The project has to be implemented such that it can sustain itself “in a basic operating mode” by its own resources. This requires in-built income generating activities as by sponsorship and commercial activities; and flexibility of operations tuning income to expenses and vice versa as argued above. In the utmost minimum scenario the entire project requires only 1 person and 1 computer; active or in “standby mode”!
6 Pro’s, Contra’s and Conditions
1. The project to some degree makes up for the current lack of a Zambian national art museum or gallery.
2. The cost of managing the site is only a fraction of the cost of running a physical museum. Once established site maintenance is relatively cheap.
3. Global promotion of Zambian art, independent of location of the visitor.
4. Flexible project: easy to add on, change or to remove.
5. Development and site servicing can be done from any place having adequate connection.
6. Possibility of interactive programmes and communication.
7. Possibility of extending art education (in schools, or at home privately, tuned in towards need of specific groups &c.).
8. Unprecedented possibilities of participation and involvement by interested parties.
9. Project is in line with future developments and is likely to work better as IT services improve, also in Zambia.
10.Is innovative, and hence may attract specific forms of support.
Disadvantages are or might be:
1. Slow transmission obstructs full use of facility. This is a crucial issue. It may be necessary to have a “light” version. This disadvantage shall gradually decrease in importance as genuine broadband becomes more wide spread and affordable.
2. The project requires constant update of site content and management. There is a common danger of lax site management.
1. Competent and dedicated staff.
2. Public support to get the project to work. One possibility is to apply to development organisations that assign retired professionals to projects, NGO’s or companies for short term assistance.
7 The way forward
My personal preference is to link the project to an organisation working in the field of art and/or culture. The reason is practical: it makes it easier to apply for necessary external support. Initial external support is short term technical assistance concerning web site design and launching. It, furthermore, would help to have some money to carry the project to the point of being operational in a basic way. That position should be the springboard for further project development. Phase II development requires professionals with:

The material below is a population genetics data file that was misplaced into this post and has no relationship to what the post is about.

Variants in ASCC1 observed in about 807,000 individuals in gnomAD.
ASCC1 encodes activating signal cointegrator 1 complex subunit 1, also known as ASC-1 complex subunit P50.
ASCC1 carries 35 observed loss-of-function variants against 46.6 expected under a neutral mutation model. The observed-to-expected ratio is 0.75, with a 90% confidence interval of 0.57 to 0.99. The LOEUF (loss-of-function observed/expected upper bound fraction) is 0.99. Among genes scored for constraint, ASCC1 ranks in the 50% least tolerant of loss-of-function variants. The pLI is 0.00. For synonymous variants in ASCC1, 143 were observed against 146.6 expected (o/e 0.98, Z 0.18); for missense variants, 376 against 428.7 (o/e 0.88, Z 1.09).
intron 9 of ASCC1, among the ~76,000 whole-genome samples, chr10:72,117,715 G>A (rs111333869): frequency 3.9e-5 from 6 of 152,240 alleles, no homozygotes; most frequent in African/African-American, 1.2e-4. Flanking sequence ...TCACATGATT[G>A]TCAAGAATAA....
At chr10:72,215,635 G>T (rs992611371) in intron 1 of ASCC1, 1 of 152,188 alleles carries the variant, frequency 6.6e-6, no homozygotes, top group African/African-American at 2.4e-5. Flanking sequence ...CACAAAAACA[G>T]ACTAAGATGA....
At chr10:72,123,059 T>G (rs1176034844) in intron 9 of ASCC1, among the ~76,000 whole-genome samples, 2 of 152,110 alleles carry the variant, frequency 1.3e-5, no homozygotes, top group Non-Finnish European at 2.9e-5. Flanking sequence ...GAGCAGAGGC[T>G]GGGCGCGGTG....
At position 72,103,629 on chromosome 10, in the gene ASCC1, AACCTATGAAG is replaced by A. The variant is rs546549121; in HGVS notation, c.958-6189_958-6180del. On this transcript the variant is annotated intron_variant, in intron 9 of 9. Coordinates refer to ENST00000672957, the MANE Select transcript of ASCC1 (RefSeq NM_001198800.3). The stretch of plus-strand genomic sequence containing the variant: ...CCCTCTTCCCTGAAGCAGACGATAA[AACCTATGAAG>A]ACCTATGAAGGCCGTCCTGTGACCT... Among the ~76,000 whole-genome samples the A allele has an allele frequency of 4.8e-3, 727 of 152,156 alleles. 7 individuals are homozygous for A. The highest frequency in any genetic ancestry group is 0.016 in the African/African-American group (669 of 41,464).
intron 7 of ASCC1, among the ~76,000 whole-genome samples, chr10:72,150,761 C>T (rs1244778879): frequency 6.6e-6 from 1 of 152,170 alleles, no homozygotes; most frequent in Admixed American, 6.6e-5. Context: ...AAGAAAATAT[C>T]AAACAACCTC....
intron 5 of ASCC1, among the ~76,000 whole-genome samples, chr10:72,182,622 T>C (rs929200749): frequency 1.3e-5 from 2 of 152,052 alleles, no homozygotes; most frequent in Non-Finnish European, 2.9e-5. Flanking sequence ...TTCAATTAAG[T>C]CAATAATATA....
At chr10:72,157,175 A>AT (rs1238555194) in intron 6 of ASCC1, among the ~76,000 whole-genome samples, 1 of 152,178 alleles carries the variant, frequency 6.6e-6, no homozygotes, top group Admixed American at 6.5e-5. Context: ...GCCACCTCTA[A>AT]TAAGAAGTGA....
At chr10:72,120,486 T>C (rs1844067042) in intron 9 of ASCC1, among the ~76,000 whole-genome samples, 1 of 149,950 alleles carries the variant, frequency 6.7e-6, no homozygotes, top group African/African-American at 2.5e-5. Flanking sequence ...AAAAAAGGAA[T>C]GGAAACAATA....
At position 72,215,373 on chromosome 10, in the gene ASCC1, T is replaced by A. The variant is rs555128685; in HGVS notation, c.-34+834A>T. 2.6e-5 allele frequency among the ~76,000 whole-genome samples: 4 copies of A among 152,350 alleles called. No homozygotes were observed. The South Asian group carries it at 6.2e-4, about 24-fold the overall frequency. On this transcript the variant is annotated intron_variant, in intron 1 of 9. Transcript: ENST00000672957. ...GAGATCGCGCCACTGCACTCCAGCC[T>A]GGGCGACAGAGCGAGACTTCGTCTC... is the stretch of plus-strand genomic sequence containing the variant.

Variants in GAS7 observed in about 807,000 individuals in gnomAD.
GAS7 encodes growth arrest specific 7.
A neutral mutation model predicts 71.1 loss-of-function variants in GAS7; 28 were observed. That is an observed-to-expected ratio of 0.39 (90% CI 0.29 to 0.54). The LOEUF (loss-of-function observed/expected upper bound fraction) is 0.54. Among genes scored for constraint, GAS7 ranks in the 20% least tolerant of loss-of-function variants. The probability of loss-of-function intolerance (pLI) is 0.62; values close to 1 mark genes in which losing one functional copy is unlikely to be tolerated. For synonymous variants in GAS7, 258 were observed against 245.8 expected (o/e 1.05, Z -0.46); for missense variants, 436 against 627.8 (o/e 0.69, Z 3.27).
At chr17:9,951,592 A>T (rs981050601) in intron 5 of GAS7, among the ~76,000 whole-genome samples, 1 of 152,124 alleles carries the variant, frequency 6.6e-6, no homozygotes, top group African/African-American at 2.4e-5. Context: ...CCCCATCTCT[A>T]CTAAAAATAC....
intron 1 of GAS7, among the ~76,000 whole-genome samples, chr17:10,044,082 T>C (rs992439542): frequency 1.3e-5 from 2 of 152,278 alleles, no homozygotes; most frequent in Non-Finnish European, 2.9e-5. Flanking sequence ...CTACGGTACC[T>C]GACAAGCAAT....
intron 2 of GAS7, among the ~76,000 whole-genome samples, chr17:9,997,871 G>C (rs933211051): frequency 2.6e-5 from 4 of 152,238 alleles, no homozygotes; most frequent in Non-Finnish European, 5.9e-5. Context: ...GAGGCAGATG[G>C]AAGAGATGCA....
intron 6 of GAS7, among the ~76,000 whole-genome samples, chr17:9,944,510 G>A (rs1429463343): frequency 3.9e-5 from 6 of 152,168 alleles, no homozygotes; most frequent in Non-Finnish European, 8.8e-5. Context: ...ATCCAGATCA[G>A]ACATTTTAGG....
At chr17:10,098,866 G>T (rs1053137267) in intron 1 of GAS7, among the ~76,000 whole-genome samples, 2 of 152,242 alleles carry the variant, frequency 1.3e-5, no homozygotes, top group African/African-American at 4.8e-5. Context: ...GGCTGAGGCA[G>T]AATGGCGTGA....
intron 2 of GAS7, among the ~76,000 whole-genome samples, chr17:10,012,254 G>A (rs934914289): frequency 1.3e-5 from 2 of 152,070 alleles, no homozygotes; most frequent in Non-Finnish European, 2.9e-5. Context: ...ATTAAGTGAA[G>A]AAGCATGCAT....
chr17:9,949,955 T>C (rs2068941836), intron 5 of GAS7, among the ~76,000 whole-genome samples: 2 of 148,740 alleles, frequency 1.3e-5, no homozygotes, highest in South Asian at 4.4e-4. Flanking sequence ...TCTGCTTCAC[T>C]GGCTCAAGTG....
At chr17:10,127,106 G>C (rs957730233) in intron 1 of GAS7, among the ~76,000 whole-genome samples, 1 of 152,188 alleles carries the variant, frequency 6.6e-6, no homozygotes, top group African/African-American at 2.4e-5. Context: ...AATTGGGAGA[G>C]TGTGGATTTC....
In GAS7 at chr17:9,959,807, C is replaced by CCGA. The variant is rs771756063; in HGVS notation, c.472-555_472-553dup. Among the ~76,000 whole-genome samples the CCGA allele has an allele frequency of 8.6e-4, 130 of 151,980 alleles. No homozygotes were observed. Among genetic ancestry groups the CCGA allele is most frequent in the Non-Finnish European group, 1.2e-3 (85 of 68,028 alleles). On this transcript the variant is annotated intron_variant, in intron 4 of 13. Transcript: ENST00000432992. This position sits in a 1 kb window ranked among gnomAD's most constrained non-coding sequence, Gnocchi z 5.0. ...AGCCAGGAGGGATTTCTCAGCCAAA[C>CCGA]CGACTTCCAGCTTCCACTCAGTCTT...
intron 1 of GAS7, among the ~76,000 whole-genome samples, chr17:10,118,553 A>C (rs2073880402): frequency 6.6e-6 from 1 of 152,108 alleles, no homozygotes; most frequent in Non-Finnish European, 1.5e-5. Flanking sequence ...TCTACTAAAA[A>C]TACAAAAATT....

IT curatorial skills (collecting and processing data and information).
Skills to write/produce documents (texts, static imagery, video, power point, or other that can be uploaded to the site and/or used in cd-rom or video).
Computer and IT skills to upload documents, service the website, produce cd-rom’s and dvd’s., and assist in the design of interactive programme’s.
Management skills, including administrative and financial abilities.
As noted above, most professional services should/could be accessed on an ad hoc basis; save for the project manager as there must be one person who is responsible all the time. But the position is not necessarily full time. One may assume, furthermore, that one person may have several different skills and therefore be multi functional.
* The author of this text and initiator of this project has worked in Zambia as an artist; artist’s organiser; anthropological researcher of art; museum and crafts project manager; international development expert; and consultant for NGO’s in museum and crafts development, marketing and income generation.